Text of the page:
one hand and its opposite on the other can be helpful because, as we shall see, the darker area is simply suffering from a lack of illumination – the light of understanding is absent. Joy comes, though, in the realisation that this is easily remedied; we simply have to find the light switch and use it. That is what this article is about; in itself it won’t switch on anyone’s light because we have to do that for ourselves – it has to be an act of self-discovery. But it can be useful sometimes to be reminded that there is a switch and where it might be found. Holding back When we feel unable or reluctant to give, it is useful to understand what is going on with our internal reactions. After all, the sun gives off its energy in an expression of abundant radiance, so why shouldn’t we? In a sense, we are a little like the sun – each of us is an energy system and we radiate energy all the time. It would seem totally bizarre if the sun chose to withdraw its light and warmth on a whim, yet there is something in our internal mechanism that causes us to act on whims and to discriminate by favouring some people over others. You might say, and many would say, that it simply wouldn’t be practical to give equally to all, and of course that is true when we are talking about limited resources. But generosity has more to do with how we are rather than how we deal with resources of a physical nature. How we deal with physical resources is affected by our outlook but it is our attitude that needs to be remedied first, then everything else follows. If our outlook on others and on the world is pinched or restrictive, everything we think, say and do is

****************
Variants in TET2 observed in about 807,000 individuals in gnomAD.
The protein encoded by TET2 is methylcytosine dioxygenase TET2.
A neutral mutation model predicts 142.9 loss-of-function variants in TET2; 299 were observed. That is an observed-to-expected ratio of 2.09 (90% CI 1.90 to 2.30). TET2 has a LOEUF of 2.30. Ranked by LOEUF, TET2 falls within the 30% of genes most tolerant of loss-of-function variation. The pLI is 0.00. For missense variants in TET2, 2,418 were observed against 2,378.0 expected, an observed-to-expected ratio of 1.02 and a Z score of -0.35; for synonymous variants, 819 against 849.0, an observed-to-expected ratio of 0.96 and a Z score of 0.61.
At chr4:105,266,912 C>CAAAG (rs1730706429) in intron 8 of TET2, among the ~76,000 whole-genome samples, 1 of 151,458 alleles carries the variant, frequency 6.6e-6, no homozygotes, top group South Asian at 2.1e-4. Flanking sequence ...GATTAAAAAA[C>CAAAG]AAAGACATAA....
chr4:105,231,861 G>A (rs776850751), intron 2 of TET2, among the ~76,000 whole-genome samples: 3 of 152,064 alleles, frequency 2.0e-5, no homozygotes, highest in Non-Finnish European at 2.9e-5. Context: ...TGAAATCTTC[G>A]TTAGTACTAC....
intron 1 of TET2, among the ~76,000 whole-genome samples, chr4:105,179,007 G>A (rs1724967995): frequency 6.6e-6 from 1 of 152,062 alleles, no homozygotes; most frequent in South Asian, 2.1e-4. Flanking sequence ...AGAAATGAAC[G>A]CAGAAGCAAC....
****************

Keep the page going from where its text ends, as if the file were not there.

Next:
Finding the light switch Using terms such as light and dark to indicate freely flowing generosity on the